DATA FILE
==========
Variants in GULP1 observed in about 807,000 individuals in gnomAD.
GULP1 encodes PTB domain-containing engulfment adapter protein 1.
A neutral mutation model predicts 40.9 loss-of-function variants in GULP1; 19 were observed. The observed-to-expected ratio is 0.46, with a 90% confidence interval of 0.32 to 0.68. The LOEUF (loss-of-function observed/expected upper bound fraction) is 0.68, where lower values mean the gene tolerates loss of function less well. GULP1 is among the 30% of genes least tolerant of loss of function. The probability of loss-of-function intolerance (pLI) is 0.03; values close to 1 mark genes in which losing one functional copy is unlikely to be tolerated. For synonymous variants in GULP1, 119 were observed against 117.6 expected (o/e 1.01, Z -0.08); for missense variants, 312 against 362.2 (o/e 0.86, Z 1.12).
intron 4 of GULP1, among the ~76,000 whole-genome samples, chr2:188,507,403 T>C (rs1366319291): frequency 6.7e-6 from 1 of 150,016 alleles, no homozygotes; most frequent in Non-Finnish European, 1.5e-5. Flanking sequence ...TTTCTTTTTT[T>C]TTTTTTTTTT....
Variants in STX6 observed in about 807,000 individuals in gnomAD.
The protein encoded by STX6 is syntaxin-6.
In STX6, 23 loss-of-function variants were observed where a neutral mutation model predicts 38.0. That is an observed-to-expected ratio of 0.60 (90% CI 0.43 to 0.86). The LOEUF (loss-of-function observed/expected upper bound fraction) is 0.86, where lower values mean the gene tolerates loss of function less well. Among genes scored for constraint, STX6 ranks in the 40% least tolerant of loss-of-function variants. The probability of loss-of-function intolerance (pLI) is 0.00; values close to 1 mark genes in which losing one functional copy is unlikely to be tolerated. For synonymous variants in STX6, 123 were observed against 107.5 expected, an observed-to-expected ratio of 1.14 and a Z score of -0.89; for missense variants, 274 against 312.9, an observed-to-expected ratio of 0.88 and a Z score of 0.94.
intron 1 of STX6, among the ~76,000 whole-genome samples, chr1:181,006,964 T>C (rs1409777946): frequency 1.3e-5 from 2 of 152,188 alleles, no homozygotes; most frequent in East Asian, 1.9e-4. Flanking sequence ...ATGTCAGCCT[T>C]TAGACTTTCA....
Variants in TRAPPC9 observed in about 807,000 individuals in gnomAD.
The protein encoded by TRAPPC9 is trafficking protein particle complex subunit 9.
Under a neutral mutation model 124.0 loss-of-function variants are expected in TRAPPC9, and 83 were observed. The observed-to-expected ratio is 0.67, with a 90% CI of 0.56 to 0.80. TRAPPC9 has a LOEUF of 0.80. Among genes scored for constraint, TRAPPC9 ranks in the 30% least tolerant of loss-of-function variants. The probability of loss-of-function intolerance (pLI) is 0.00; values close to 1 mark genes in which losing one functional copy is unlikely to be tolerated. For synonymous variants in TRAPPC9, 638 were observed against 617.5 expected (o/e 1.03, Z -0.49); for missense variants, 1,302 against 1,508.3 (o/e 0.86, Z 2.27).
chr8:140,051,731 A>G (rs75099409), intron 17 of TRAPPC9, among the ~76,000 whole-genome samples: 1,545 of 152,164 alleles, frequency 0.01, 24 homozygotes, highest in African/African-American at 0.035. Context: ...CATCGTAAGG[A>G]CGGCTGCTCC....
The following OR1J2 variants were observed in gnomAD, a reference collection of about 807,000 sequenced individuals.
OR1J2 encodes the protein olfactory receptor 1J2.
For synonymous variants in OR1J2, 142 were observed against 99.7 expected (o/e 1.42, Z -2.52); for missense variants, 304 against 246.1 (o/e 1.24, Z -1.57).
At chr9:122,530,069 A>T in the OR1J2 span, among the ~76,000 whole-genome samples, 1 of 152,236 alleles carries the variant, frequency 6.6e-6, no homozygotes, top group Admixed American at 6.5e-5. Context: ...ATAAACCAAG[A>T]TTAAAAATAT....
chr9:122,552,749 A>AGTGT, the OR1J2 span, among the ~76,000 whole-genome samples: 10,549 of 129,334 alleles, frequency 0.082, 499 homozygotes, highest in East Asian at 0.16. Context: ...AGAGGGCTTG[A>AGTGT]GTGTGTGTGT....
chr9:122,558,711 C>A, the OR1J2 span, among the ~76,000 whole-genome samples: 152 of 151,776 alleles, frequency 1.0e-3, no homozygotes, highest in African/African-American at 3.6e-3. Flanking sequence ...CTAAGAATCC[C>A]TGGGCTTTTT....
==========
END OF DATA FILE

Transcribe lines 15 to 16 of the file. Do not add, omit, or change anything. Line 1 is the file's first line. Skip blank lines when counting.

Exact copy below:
For synonymous variants in OR1J2, 142 were observed against 99.7 expected (o/e 1.42, Z -2.52); for missense variants, 304 against 246.1 (o/e 1.24, Z -1.57).
At chr9:122,530,069 A>T in the OR1J2 span, among the ~76,000 whole-genome samples, 1 of 152,236 alleles carries the variant, frequency 6.6e-6, no homozygotes, top group Admixed American at 6.5e-5. Context: ...ATAAACCAAG[A>T]TTAAAAATAT....